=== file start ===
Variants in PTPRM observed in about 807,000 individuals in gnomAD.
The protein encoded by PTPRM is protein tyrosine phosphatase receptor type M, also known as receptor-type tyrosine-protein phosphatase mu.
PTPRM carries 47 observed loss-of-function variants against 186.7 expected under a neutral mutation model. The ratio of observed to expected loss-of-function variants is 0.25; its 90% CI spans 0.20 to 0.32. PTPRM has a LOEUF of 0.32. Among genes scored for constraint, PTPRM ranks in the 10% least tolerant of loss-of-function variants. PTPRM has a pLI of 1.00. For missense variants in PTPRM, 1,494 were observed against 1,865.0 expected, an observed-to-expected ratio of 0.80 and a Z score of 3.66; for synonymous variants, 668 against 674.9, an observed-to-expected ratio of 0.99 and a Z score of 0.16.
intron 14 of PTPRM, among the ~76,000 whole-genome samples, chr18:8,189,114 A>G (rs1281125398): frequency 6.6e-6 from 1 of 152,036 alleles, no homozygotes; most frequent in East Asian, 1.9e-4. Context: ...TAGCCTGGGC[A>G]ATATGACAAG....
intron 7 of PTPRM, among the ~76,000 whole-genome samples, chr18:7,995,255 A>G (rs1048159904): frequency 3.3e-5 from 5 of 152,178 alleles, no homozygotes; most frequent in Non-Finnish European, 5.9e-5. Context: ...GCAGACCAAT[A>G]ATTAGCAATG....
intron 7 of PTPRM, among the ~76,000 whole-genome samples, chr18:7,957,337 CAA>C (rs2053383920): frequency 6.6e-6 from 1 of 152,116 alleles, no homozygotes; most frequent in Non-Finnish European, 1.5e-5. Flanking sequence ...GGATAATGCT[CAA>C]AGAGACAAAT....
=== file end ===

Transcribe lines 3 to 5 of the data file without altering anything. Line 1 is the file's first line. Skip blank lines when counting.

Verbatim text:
PTPRM carries 47 observed loss-of-function variants against 186.7 expected under a neutral mutation model. The ratio of observed to expected loss-of-function variants is 0.25; its 90% CI spans 0.20 to 0.32. PTPRM has a LOEUF of 0.32. Among genes scored for constraint, PTPRM ranks in the 10% least tolerant of loss-of-function variants. PTPRM has a pLI of 1.00. For missense variants in PTPRM, 1,494 were observed against 1,865.0 expected, an observed-to-expected ratio of 0.80 and a Z score of 3.66; for synonymous variants, 668 against 674.9, an observed-to-expected ratio of 0.99 and a Z score of 0.16.
intron 14 of PTPRM, among the ~76,000 whole-genome samples, chr18:8,189,114 A>G (rs1281125398): frequency 6.6e-6 from 1 of 152,036 alleles, no homozygotes; most frequent in East Asian, 1.9e-4. Context: ...TAGCCTGGGC[A>G]ATATGACAAG....
intron 7 of PTPRM, among the ~76,000 whole-genome samples, chr18:7,995,255 A>G (rs1048159904): frequency 3.3e-5 from 5 of 152,178 alleles, no homozygotes; most frequent in Non-Finnish European, 5.9e-5. Context: ...GCAGACCAAT[A>G]ATTAGCAATG....